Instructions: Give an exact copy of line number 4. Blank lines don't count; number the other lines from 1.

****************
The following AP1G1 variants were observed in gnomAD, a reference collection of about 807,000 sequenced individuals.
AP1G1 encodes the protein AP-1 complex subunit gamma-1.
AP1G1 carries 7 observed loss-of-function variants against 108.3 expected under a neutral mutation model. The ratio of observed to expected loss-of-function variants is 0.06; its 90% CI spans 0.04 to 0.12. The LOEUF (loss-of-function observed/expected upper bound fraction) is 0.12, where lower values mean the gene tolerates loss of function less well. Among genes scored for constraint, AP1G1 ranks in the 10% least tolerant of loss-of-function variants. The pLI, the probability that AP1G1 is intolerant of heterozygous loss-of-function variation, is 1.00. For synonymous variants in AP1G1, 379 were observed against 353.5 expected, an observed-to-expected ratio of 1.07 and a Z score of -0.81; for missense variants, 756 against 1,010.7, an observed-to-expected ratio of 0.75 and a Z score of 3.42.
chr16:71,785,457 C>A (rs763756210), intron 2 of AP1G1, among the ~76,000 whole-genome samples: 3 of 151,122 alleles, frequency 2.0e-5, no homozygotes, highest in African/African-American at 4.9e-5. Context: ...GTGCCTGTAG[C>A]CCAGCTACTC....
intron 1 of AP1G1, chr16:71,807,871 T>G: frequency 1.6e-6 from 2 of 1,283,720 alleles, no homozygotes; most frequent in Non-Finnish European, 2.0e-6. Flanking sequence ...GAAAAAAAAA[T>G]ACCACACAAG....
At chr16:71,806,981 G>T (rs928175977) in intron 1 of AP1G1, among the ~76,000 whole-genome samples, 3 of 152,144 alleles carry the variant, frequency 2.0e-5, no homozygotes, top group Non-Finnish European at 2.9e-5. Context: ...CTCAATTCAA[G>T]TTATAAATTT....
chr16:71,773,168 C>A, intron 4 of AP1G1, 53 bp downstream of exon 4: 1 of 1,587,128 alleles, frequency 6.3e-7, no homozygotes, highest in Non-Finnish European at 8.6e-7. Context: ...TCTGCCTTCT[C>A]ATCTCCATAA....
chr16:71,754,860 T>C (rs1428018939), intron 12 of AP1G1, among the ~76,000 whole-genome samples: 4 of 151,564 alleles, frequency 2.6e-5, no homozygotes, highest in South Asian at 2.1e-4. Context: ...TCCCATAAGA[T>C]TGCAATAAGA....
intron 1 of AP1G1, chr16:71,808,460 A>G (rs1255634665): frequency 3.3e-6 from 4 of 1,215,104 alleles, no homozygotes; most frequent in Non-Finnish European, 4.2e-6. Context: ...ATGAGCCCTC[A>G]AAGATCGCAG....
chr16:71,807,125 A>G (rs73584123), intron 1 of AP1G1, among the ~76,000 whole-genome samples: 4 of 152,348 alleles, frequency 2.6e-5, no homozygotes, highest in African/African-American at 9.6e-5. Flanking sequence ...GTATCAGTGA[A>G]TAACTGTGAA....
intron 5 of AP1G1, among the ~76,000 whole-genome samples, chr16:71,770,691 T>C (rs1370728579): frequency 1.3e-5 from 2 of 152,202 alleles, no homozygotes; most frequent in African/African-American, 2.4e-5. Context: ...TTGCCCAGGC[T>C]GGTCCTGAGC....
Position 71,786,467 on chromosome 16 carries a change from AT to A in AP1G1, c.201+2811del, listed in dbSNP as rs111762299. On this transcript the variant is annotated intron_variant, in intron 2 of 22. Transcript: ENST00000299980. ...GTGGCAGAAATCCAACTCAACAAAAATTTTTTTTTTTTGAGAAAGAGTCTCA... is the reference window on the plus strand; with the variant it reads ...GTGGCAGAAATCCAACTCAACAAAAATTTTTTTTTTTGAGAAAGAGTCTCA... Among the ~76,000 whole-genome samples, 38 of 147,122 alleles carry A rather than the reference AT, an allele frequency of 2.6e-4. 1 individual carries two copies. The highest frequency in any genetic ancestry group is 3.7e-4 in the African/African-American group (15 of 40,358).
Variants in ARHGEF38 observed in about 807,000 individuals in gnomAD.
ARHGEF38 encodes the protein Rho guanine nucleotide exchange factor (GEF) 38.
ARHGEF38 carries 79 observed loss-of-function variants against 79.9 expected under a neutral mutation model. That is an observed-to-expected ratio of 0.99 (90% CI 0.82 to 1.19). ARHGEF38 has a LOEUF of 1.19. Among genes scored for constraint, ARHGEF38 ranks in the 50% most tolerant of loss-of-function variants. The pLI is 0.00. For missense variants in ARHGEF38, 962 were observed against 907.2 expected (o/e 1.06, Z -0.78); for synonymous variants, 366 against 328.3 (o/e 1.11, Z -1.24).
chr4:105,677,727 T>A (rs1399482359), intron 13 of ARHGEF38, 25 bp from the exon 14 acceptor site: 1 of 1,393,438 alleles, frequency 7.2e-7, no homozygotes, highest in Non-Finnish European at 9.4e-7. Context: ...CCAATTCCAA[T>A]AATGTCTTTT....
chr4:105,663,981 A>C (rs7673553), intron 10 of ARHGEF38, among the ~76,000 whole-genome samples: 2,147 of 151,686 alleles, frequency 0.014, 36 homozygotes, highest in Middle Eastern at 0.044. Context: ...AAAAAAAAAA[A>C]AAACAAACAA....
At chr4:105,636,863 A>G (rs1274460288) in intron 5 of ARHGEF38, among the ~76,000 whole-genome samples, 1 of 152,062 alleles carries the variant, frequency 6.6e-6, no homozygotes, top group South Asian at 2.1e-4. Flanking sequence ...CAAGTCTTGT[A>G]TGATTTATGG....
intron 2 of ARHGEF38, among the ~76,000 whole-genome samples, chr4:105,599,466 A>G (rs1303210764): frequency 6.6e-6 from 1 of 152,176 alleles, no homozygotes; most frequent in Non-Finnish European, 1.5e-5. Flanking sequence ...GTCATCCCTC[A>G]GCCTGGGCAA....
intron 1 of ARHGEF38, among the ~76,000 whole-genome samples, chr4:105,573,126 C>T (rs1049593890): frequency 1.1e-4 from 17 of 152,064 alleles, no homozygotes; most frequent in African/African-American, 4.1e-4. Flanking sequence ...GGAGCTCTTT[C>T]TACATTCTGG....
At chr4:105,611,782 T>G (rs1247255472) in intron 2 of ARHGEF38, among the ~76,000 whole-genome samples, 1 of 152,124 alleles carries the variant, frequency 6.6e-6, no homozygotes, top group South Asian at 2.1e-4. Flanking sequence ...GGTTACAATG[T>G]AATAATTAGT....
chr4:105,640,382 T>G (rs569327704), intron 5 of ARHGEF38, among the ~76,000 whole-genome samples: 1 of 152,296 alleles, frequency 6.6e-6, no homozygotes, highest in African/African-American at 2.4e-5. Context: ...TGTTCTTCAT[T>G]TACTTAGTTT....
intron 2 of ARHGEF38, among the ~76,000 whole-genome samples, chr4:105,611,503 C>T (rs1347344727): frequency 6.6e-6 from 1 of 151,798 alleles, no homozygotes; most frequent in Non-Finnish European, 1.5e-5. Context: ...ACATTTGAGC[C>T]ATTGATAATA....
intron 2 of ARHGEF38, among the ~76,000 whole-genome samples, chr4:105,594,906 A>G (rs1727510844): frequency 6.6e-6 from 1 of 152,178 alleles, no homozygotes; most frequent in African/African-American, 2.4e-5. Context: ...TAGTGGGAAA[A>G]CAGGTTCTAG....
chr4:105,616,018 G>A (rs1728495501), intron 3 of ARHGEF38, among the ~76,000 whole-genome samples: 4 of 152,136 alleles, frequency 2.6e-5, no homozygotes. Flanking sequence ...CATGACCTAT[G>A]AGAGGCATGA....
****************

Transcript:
chr16:71,785,457 C>A (rs763756210), intron 2 of AP1G1, among the ~76,000 whole-genome samples: 3 of 151,122 alleles, frequency 2.0e-5, no homozygotes, highest in African/African-American at 4.9e-5. Context: ...GTGCCTGTAG[C>A]CCAGCTACTC....